Allies in Wartime: The Alaska-Siberia Airway During World War II

Allies in Wartime: The Alaska-Siberia Airway During World War II

by Alexander Dolitsky
     
 

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Too often wars are described in terms of presidents and generals, emperors and kings, grand strategy and elaborate campaigns. But wars affect the lives of all people - the soldiers who fight and the women, children, and men who support the effort from home. The Lend-Lease program was a turning point during WWII, and an essential home front undertaking.

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Overview

Too often wars are described in terms of presidents and generals, emperors and kings, grand strategy and elaborate campaigns. But wars affect the lives of all people - the soldiers who fight and the women, children, and men who support the effort from home. The Lend-Lease program was a turning point during WWII, and an essential home front undertaking.

Early in 1941, British Prime Minister Winston Churchill declared: "Give us the tools and we will finish the job." The Lend-Lease operation eventually provided the British, Soviets, and other Allies with $50 billion worth of "tools" - much more than the $32 billion cost to the United States for World War I. In May of 1945, when war ended in Europe, Winston Churchill stated: "It was American war production that won the war in Europe." Indeed, from 1941 to 1945, American factories poured out an avalanche of weaponry: 40 billion bullets, 300,000 aircraft, 76,000 ships, 86,000 tanks, 2.6 million machine guns, and massive amounts of non-military items.

In the three years of the Alaska-Siberia Lend-Lease Airway, thousands of Americans worked with Soviets on the cooperative program. At its height, up to 600 Soviet pilots and other personnel served in Great Falls, Montana; and Fairbanks, Galena and Nome, Alaska. From 1942to 1945, the Alaska-Siberia Lend-Lease program demonstrated that two nations could set aside differing views, cultural values and principles to achieve a common, mutually beneficial goal - the defeat of Nazi Germany and its Axis powers.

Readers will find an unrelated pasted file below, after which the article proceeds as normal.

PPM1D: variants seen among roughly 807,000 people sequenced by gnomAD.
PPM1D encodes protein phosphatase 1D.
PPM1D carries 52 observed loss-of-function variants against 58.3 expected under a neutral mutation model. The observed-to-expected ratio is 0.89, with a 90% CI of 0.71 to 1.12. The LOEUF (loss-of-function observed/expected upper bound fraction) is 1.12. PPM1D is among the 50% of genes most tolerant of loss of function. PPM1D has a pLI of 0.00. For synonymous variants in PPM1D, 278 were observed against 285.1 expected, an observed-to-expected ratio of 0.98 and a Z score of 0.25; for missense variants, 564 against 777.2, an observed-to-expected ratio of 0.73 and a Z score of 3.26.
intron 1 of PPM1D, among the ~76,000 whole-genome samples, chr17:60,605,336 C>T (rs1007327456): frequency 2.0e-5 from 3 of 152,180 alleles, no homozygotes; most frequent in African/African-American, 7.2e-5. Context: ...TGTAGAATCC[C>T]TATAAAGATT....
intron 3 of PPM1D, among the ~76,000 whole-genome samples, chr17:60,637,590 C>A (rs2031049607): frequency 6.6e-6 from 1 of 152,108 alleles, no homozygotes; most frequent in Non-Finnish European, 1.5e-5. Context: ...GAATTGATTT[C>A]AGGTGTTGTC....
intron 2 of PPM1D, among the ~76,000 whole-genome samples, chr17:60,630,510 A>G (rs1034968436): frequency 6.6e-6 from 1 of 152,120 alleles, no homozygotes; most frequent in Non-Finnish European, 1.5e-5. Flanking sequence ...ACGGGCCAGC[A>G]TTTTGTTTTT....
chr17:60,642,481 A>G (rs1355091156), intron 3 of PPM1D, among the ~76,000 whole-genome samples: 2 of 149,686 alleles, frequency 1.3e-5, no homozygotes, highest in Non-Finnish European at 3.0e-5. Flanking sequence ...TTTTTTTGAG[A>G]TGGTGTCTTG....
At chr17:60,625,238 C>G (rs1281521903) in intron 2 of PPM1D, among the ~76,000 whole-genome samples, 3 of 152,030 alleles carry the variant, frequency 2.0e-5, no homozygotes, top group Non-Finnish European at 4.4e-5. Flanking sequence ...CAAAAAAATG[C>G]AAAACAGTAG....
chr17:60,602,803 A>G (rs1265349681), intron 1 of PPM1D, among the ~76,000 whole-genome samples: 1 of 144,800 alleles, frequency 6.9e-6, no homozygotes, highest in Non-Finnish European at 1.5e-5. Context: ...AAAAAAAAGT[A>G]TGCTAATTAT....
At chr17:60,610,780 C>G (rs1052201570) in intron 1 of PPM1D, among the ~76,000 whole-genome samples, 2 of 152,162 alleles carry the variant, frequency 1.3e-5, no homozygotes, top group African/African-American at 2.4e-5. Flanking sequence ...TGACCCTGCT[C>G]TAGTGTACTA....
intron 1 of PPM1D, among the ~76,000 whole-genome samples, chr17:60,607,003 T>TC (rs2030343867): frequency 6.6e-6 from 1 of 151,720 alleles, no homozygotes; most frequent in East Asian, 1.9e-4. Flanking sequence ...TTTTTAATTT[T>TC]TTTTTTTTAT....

This book is a moving testimonial to what peace-seeking nations can achieve when they cooperate in the face of a common enemy. Dr. Jeffrey W. Hahn, Professor of Political Science, Villanova University.

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Product Details

ISBN-13:
2940014512930
Publisher:
Alaska-Siberia Research Center
Publication date:
04/13/2012
Sold by:
Barnes & Noble
Format:
NOOK Book
Pages:
144
File size:
18 MB
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Meet the Author

Alexander Dolitsky was born and raised in Kiev, in the former Soviet Union. He received an M.A. in history from Kiev Pedagogical Institute, Ukraine, in 1976; an M.A. in anthropology and archaeology from Brown University in 1983; and attended the Ph.D. program in anthropology at Bryn Mawr College from 1983 to 1985, where he was also a lecturer in the Russian Center.

In the U.S.S.R., he was a social studies teacher for three years and an archaeologist for five years at the Ukrainian Academy of Sciences. In 1978, he settled in the United States after living one year in Austria and Italy. Dolitsky visited Alaska for the first time in 1981 while conducting field research for graduate school at Brown. He then settled in Alaska - first, in Sitka in 1985, and then in Juneau in 1986. From 1985 to 1987, he was the U.S. Forest Service archaeologist and social scientist. He was an Adjunct Assistant Professor of Russian Studies at the University of Alaska Southeast from 1985 to 1999; Social Studies Instructor at the Alyeska Central School, Alaska Department of Education and Yukon-Koyukuk School District from 1988 to 2006; and Director of the Alaska-Siberia Research Center (see www.aksrc.org) from 1990 to present. He has conducted approximately 30 field studies in various areas of the former Soviet Union (including Siberia), Central Asia, South America, Eastern Europe, and the United States (including Alaska).

Dolitsky has been a lecturer on the World Discoverer, Spirit of Oceanus, and Clipper Odyssey vessels in the Arctic and sub-Arctic regions. He was the Project Manage for the WWII Alaska-Siberia Lend-Lease Memorial erected in Fairbanks, Alaska in 2006. Dolitsky is the founder and Program Manager of the "White Nights Festival of Russian Culture" that is held annually in the Southeast Alaska.

He has published extensively in the fields of anthropology, history, archaeology, and ethnography in Current Anthropology, Artic, American Antiquity, Ultimate Reality and Meaning, Siberia, and in many other professional journals. His more recent books include: Fairy Tales and Myths of the Bering Strait Chukchi; Tales and Legends of the Yupik Eskimos of Siberia; Ancient Tales of Kamchatka; Old Russia in Modern America: Russian Old Believers in Alaska; Allies in Wartime: The Alaska-Siberia Airway During World War II; and Spirit of the Siberian Tiger: Folktales of the Russian Far East.

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